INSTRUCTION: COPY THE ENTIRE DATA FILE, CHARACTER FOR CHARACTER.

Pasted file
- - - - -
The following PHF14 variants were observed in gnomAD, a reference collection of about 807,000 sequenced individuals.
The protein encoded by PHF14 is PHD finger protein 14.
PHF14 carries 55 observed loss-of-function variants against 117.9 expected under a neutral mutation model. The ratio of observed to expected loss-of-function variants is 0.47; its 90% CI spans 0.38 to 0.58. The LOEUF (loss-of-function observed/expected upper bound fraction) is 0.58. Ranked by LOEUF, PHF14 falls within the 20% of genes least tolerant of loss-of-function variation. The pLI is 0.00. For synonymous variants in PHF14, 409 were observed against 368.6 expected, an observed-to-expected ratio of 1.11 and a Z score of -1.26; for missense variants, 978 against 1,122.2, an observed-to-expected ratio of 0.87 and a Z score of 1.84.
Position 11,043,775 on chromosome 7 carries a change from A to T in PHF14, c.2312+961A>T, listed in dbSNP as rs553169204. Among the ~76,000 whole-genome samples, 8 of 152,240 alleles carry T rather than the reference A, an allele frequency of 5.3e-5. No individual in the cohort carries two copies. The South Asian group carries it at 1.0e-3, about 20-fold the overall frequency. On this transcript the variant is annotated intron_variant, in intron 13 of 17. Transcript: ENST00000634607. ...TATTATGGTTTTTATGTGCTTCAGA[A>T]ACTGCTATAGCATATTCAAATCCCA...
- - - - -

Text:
The following PHF14 variants were observed in gnomAD, a reference collection of about 807,000 sequenced individuals.
The protein encoded by PHF14 is PHD finger protein 14.
PHF14 carries 55 observed loss-of-function variants against 117.9 expected under a neutral mutation model. The ratio of observed to expected loss-of-function variants is 0.47; its 90% CI spans 0.38 to 0.58. The LOEUF (loss-of-function observed/expected upper bound fraction) is 0.58. Ranked by LOEUF, PHF14 falls within the 20% of genes least tolerant of loss-of-function variation. The pLI is 0.00. For synonymous variants in PHF14, 409 were observed against 368.6 expected, an observed-to-expected ratio of 1.11 and a Z score of -1.26; for missense variants, 978 against 1,122.2, an observed-to-expected ratio of 0.87 and a Z score of 1.84.
Position 11,043,775 on chromosome 7 carries a change from A to T in PHF14, c.2312+961A>T, listed in dbSNP as rs553169204. Among the ~76,000 whole-genome samples, 8 of 152,240 alleles carry T rather than the reference A, an allele frequency of 5.3e-5. No individual in the cohort carries two copies. The South Asian group carries it at 1.0e-3, about 20-fold the overall frequency. On this transcript the variant is annotated intron_variant, in intron 13 of 17. Transcript: ENST00000634607. ...TATTATGGTTTTTATGTGCTTCAGA[A>T]ACTGCTATAGCATATTCAAATCCCA...